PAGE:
The Perfect Name Will Find Your Baby (Part 1): My Daughter’s Name

Fiona Dawn's birth announcement.

Perhaps naming my kids was a bit of an ego trip for me. I admit it. I had to keep reminding myself that my kids are human beings, not fashion accessories. But why not have some fun naming your kids as long as you don’t saddle your kids with a name that’s difficult to bear? What’s considered “difficult to bear” varies from person to person of course.

As for me, my tastes are mildly fanciful, maybe a bit of what some baby name gurus call, “hipster.” I will say that neither of my kids got my first choice name.

My other half hates most of my names, and has toned down my “craziness” a bit. In 15 years, our kids will either thank him or tell him, “Hey Dad, why did you have to rain on Mom’s naming parade? I could have had a cool name.”

In an ideal world I would have five kids named: Felicity, Sylvie, Ione, Linus and Hugh.  I also really love Cecily, but feel it is too similar to both Felicity and Sylvie to be in the same sibling set. While I don’t plan any more kids, I still like to imagine having twins named either Felicity and Cecilia or Cecily and Louisa with a younger brother named Hugh. Or boy/girl twins, Hugh and Cecily.

At my age, I should have outgrown fantasy families, but I haven’t and thus I have a name blog. Where else can I share my little make-believe families with perfectly harmonious, fashion-forward names? Alas, with me real-life rarely imitates my fantasy.

When finally faced with the task of naming a real kid, I was surprised to find out my husband, Rob, was a lot more opinionated than my fantasy husband from 15 years earlier. Also, growing up with a one-syllable, three letter last name, I never envisioned I would have a five-syllable, 12-letter married name to contend with.

Suddenly I learned fate had intervened and my children’s names found them; they both got names that fit them, names which were not my fantasy names.

As a teenager, my fantasy daughter was named Felicity. I was hesitant to initially commit to Felicity (in my someday future) because I knew a girl in high school named Felicity. But then at graduation I learned she had my same middle name, the middle name I hoped to pass on to my future daughter.

I had a eureka moment! Someone thought Felicity flowed well enough with my middle name. Plus, I realized by the time I had a daughter, many years would go by without any contact with this Felicity from high school.

I got a little nervous when the show Felicity hit the air, concerned the name would get trendy. But that never happened! I became more convinced Felicity was the name for my daughter!

Until. I mentioned Felicity to Rob before I even became pregnant. I’m not even sure we were married yet when I told him our daughter would be Felicity. His reaction was, “Yuck. Oh no she won’t…”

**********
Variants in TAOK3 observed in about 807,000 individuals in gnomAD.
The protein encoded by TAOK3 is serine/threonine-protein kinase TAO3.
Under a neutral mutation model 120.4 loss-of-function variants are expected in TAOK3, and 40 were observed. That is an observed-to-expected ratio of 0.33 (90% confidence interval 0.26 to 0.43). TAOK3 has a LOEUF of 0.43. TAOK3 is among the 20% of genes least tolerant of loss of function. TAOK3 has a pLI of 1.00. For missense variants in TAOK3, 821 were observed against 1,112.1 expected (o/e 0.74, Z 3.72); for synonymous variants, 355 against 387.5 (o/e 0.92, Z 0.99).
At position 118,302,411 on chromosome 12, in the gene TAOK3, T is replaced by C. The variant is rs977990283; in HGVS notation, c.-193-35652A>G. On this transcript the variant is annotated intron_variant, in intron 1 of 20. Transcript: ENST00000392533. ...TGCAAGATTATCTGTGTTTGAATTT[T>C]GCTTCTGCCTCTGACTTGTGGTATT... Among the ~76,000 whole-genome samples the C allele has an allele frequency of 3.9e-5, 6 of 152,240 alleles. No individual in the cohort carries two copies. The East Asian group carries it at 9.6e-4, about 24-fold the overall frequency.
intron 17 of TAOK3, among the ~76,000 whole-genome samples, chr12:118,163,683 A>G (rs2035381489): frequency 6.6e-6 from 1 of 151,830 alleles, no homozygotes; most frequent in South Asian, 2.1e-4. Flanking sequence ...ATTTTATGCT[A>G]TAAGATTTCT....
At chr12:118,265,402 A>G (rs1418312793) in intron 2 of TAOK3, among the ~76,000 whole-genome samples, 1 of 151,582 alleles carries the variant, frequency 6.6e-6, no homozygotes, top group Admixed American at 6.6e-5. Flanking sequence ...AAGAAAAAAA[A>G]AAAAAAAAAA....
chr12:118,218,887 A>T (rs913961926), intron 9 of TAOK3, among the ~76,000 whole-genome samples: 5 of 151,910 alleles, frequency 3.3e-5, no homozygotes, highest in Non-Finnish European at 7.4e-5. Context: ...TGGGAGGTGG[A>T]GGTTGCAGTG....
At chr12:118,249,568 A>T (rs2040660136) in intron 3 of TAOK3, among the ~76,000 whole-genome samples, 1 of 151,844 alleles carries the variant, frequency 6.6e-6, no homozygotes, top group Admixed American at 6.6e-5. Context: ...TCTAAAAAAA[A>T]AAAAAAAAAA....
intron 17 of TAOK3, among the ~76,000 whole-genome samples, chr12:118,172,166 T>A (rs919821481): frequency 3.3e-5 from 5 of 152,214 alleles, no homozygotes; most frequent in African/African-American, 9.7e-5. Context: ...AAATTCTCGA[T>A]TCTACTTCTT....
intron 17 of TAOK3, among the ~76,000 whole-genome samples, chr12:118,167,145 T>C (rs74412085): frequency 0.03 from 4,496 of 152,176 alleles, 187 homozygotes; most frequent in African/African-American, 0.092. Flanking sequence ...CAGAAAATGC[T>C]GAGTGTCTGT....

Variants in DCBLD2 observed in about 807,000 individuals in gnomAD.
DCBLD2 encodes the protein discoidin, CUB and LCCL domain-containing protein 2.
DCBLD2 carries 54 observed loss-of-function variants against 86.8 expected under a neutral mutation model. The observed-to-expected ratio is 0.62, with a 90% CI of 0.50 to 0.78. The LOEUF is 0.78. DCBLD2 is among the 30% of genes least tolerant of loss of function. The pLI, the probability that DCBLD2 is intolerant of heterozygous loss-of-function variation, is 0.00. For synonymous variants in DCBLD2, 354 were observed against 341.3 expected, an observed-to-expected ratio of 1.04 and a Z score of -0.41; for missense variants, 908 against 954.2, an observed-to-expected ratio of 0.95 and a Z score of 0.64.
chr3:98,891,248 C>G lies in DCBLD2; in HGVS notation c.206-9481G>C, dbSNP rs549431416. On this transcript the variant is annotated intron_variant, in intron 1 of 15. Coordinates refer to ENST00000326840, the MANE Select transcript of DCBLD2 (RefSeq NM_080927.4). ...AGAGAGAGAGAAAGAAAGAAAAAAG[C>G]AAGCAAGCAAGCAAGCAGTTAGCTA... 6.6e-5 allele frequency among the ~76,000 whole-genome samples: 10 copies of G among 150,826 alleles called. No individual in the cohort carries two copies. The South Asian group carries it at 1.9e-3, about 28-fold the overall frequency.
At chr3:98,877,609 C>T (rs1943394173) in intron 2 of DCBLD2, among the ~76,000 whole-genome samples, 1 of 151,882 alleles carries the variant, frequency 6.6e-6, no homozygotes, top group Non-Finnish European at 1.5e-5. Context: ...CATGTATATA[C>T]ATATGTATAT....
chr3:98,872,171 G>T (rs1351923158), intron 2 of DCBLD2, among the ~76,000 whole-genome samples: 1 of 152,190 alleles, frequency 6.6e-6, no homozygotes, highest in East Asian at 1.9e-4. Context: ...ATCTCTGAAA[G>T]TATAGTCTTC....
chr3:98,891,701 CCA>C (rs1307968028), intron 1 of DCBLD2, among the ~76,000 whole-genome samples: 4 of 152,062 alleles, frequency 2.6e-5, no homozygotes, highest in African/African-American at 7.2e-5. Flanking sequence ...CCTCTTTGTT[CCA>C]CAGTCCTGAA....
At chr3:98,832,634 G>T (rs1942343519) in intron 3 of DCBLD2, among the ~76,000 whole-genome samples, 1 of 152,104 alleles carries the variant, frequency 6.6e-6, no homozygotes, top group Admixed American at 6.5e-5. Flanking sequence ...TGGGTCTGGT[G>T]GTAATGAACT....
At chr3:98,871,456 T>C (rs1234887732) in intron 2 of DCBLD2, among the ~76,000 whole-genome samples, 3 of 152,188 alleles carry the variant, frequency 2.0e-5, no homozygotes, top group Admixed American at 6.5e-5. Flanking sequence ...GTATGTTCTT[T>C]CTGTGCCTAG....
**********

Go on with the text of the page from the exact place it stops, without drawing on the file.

I considered holding my ground and then I said Felicity with our bear of a last name. I began to re-think Felicity for our daughter. Oh sad day.

People suggested Felicia and Felice as alternatives, but they weren’t the same. The “Fel” part of the name wasn’t what appealed to me, but rather the rhythm of the “icity” part.

We named our daughter Fiona which was very loosely inspired by Felicity. I was surprised Rob agreed to it and I’m not sure he would have if he hadn’t known a real-life Fiona when he was a kid, back when the name was truly rare.

I picked Fiona thinking I was picking something artsy and exotic, but still wearable for a little girl or a grown woman. After I picked the name, I started hearing it everywhere and was a little concerned it might be an up-and-coming name, and found the Freakonomics predictions which fueled my fear.

Of course there are more important things to worry about than inadvertently naming my daughter the next Jennifer, but I’m weird like that. I have resigned myself to the fact that my daughter’s name is only 5-10 years ahead of its time instead of 20-30 years ahead of its time.

Yes, I really am a name snob.

Most importantly, Fiona probably won’t care whether or not her name is unique. She seems to like her name. Fiona also goes well enough with my middle name and our last name.

At least my daughter got my fantasy middle name, Dawn, which is my middle name and my Mom’s middle name. (As a bonus, Dawn also happens to be Rob’s sister’s name.) And my own Mom has said she likes the name Felicity, but Fiona doesn’t look like a Felicity, she looks like a Fiona.

Naming my daughter didn’t have anything at all to do with me, and everything to do with my daughter. The perfect name had found my baby!

Three years later I had a similar experience when my son’s name had found him. I will share that story next time.

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